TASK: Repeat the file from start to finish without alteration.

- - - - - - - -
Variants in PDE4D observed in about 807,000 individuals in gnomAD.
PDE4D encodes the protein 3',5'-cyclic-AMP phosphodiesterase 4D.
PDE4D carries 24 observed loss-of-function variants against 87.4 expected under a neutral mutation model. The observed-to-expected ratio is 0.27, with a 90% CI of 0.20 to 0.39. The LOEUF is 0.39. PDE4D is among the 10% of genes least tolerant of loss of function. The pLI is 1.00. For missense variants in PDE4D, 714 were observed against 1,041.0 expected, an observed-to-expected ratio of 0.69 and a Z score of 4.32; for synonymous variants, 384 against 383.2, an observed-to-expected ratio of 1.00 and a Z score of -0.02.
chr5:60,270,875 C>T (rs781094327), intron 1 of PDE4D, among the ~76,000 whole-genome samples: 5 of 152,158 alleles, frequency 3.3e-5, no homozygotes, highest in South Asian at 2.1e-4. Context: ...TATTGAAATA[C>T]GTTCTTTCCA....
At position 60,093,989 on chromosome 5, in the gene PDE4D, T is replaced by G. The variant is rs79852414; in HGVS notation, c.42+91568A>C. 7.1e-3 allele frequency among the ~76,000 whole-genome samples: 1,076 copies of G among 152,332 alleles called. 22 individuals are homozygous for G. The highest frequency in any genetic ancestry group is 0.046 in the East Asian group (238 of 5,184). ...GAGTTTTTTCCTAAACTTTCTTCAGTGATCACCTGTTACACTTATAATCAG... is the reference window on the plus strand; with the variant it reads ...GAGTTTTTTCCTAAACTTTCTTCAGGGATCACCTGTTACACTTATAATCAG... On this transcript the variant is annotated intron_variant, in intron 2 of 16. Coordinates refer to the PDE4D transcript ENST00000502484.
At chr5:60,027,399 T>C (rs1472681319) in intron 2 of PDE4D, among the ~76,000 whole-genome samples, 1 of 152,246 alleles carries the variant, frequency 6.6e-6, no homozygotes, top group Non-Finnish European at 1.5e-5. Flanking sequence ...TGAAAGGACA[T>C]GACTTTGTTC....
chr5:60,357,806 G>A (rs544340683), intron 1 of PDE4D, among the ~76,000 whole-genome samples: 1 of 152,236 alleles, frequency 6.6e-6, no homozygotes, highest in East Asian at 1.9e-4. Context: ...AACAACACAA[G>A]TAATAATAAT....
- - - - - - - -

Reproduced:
Variants in PDE4D observed in about 807,000 individuals in gnomAD.
PDE4D encodes the protein 3',5'-cyclic-AMP phosphodiesterase 4D.
PDE4D carries 24 observed loss-of-function variants against 87.4 expected under a neutral mutation model. The observed-to-expected ratio is 0.27, with a 90% CI of 0.20 to 0.39. The LOEUF is 0.39. PDE4D is among the 10% of genes least tolerant of loss of function. The pLI is 1.00. For missense variants in PDE4D, 714 were observed against 1,041.0 expected, an observed-to-expected ratio of 0.69 and a Z score of 4.32; for synonymous variants, 384 against 383.2, an observed-to-expected ratio of 1.00 and a Z score of -0.02.
chr5:60,270,875 C>T (rs781094327), intron 1 of PDE4D, among the ~76,000 whole-genome samples: 5 of 152,158 alleles, frequency 3.3e-5, no homozygotes, highest in South Asian at 2.1e-4. Context: ...TATTGAAATA[C>T]GTTCTTTCCA....
At position 60,093,989 on chromosome 5, in the gene PDE4D, T is replaced by G. The variant is rs79852414; in HGVS notation, c.42+91568A>C. 7.1e-3 allele frequency among the ~76,000 whole-genome samples: 1,076 copies of G among 152,332 alleles called. 22 individuals are homozygous for G. The highest frequency in any genetic ancestry group is 0.046 in the East Asian group (238 of 5,184). ...GAGTTTTTTCCTAAACTTTCTTCAGTGATCACCTGTTACACTTATAATCAG... is the reference window on the plus strand; with the variant it reads ...GAGTTTTTTCCTAAACTTTCTTCAGGGATCACCTGTTACACTTATAATCAG... On this transcript the variant is annotated intron_variant, in intron 2 of 16. Coordinates refer to the PDE4D transcript ENST00000502484.
At chr5:60,027,399 T>C (rs1472681319) in intron 2 of PDE4D, among the ~76,000 whole-genome samples, 1 of 152,246 alleles carries the variant, frequency 6.6e-6, no homozygotes, top group Non-Finnish European at 1.5e-5. Flanking sequence ...TGAAAGGACA[T>C]GACTTTGTTC....
chr5:60,357,806 G>A (rs544340683), intron 1 of PDE4D, among the ~76,000 whole-genome samples: 1 of 152,236 alleles, frequency 6.6e-6, no homozygotes, highest in East Asian at 1.9e-4. Context: ...AACAACACAA[G>A]TAATAATAAT....